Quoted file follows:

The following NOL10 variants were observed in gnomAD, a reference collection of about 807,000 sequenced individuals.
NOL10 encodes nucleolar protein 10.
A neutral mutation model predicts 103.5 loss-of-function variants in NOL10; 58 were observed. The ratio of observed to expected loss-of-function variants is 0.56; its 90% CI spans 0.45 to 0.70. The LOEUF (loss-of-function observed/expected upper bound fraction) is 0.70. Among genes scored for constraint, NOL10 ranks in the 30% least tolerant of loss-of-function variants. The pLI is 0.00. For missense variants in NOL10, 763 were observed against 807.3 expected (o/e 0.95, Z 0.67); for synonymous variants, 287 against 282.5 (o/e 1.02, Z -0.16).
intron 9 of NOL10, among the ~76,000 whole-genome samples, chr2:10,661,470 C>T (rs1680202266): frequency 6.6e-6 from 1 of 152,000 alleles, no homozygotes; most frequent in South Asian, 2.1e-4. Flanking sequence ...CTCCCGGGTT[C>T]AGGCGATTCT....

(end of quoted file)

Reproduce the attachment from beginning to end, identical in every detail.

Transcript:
The following NOL10 variants were observed in gnomAD, a reference collection of about 807,000 sequenced individuals.
NOL10 encodes nucleolar protein 10.
A neutral mutation model predicts 103.5 loss-of-function variants in NOL10; 58 were observed. The ratio of observed to expected loss-of-function variants is 0.56; its 90% CI spans 0.45 to 0.70. The LOEUF (loss-of-function observed/expected upper bound fraction) is 0.70. Among genes scored for constraint, NOL10 ranks in the 30% least tolerant of loss-of-function variants. The pLI is 0.00. For missense variants in NOL10, 763 were observed against 807.3 expected (o/e 0.95, Z 0.67); for synonymous variants, 287 against 282.5 (o/e 1.02, Z -0.16).
intron 9 of NOL10, among the ~76,000 whole-genome samples, chr2:10,661,470 C>T (rs1680202266): frequency 6.6e-6 from 1 of 152,000 alleles, no homozygotes; most frequent in South Asian, 2.1e-4. Flanking sequence ...CTCCCGGGTT[C>T]AGGCGATTCT....